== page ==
Osteoblasts can produce antioxidants to protect against ROS, such as GPx, as well as transforming growth factor- (TGF-β), which is implicated in reduction of bone resorption. Bai et al. (2005) [21] have found that H2O2 increased intracellular ROS and suppressed the differentiation process of osteoblasts, manifested by a reduction of differentiation markers including type 1 collagen, ALP, and colony-forming unit-osteoprogenitor (CFU-O) formation. H2O2 or xanthine/xanthine oxidase-induced oxidative stress is also able to inhibit bone cell differentiation of preosteoblastic cell line (MC3T3-E1) and of a marrow stromal cell line (M210B4) that undergoes osteoblastic differentiation. Oestrogens antagonize ROS-induced osteoblast apoptosis and the prosurvival effects of receptor activator of RANKL on osteoclasts and decrease oxidative stress. It has been suggested that elucidation of these mechanisms provides a paradigm shift from the “oestrogen-centric” account of the pathogenesis of involutional osteoporosis to one in which age-related mechanisms intrinsic to bone are central to the disease process [18, 24].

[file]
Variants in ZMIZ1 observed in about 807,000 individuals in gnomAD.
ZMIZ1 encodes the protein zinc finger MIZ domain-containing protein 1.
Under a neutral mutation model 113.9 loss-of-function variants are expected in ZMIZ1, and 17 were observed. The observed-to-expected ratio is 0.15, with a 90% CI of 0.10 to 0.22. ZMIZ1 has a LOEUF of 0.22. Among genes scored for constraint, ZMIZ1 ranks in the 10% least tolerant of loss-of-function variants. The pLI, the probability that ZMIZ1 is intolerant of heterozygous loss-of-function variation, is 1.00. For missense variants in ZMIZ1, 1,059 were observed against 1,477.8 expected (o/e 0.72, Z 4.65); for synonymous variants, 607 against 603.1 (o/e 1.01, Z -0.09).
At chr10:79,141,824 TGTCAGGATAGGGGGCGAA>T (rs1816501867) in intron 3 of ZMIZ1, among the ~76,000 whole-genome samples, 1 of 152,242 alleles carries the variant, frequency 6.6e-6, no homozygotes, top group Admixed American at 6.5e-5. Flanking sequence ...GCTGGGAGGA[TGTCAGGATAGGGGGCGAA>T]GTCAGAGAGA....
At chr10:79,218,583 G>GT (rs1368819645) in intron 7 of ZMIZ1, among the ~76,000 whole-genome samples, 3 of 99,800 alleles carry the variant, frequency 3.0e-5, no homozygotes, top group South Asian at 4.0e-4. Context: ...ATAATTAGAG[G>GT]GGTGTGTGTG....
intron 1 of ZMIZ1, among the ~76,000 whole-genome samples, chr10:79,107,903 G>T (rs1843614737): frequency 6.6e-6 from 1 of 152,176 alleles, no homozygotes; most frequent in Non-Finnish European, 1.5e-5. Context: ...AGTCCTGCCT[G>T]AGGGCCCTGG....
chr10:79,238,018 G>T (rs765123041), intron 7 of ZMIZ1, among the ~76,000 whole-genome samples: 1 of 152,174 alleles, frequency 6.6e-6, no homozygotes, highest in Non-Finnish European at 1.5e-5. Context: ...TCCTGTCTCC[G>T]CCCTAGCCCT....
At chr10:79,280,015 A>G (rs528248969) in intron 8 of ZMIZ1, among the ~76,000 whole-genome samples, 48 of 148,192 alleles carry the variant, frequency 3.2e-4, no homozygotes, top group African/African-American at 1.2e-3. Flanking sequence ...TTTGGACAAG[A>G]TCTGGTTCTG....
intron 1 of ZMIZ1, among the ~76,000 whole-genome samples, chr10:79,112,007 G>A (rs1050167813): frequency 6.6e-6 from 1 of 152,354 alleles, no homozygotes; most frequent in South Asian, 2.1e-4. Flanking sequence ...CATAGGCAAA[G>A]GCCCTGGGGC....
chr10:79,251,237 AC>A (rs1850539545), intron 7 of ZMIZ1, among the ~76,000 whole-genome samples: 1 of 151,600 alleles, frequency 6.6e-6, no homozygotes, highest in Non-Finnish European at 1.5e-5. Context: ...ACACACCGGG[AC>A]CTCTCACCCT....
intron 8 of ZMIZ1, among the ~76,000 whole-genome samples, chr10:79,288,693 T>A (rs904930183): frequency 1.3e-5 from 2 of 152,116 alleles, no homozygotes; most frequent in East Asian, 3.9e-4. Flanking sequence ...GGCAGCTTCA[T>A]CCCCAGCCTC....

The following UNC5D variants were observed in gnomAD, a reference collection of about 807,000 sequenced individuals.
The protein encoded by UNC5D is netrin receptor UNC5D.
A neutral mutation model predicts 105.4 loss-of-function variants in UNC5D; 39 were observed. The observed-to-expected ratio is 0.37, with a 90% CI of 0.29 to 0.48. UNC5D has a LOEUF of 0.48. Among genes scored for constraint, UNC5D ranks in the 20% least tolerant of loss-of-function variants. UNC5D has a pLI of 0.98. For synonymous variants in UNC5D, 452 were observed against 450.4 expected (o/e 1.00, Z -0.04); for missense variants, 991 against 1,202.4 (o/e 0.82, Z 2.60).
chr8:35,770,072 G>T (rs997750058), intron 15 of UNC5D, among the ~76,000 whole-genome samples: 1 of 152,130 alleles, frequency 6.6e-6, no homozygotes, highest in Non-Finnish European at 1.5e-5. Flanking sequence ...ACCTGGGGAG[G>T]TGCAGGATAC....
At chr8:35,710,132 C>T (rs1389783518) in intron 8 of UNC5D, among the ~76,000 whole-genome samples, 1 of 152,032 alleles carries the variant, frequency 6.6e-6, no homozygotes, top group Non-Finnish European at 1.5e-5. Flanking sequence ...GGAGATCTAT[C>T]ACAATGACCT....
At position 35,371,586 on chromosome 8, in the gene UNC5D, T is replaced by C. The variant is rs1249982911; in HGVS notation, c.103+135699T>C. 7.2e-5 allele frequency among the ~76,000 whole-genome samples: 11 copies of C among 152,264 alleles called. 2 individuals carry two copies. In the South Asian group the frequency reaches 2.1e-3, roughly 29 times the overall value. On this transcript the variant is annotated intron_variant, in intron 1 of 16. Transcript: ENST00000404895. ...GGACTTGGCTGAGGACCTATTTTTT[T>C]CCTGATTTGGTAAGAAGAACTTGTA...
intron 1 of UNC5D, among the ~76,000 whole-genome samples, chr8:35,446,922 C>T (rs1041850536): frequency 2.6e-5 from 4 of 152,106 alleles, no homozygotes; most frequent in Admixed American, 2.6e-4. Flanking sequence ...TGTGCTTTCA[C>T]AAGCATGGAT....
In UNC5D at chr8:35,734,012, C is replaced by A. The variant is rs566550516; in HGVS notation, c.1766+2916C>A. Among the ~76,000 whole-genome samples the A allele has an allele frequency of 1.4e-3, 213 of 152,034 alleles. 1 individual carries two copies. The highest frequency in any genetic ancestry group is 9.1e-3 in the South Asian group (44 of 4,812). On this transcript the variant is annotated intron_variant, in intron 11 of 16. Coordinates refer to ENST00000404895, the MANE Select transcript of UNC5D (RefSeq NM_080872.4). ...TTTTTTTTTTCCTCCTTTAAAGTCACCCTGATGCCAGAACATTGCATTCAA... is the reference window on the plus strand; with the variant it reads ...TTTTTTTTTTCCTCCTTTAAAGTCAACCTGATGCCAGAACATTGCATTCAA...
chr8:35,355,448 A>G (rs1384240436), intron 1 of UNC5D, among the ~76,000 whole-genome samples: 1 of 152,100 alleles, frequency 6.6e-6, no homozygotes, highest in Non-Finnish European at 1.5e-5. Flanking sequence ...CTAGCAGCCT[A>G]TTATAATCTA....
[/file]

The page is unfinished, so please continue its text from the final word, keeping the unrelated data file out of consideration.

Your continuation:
In response to stress, DNA-damage repair genes that counteract the adverse effects of ROS and FoxOs upregulate enzymatic scavengers, therefore representing an indispensable homeostatic mechanism for skeletal health. This response involves upregulation of the expression of the mitochondrial enzyme SOD2, that converts hydroxyl radicals into H2O2, the peroxidase catalase, which converts H2O2 into water, and the growth arrest and DNA-damage-inducible GADD45 [25]. Furthermore, FoxOs may control the generation of new osteoblasts from their mesenchymal stem cell progenitors by modulating their proliferation and/or differentiation through their antioxidant properties. Some studies have found a diminution in antioxidant activity in patients with osteoporosis. GPx1, the enzyme primarily responsible for the intracellular degradation of H2O2, is highly expressed in osteoclasts, and its expression in bone marrow macrophages by RANKL and in osteoclasts by oestrogens. Overexpression of GPx in osteoclast progenitors abolishes osteoclast formation and suppresses RANKL-induced NF-κβ activation and increased resistance to oxidation [26]. Oxidative stress acted as an independent risk factor for osteoporosis linked to the increase of SOD/GPX ratio. Hence, the imbalance propitiated by greater SOD activity with respect to GPx promotes the increase in H2O2 levels, leading to greater oxidative stress [18].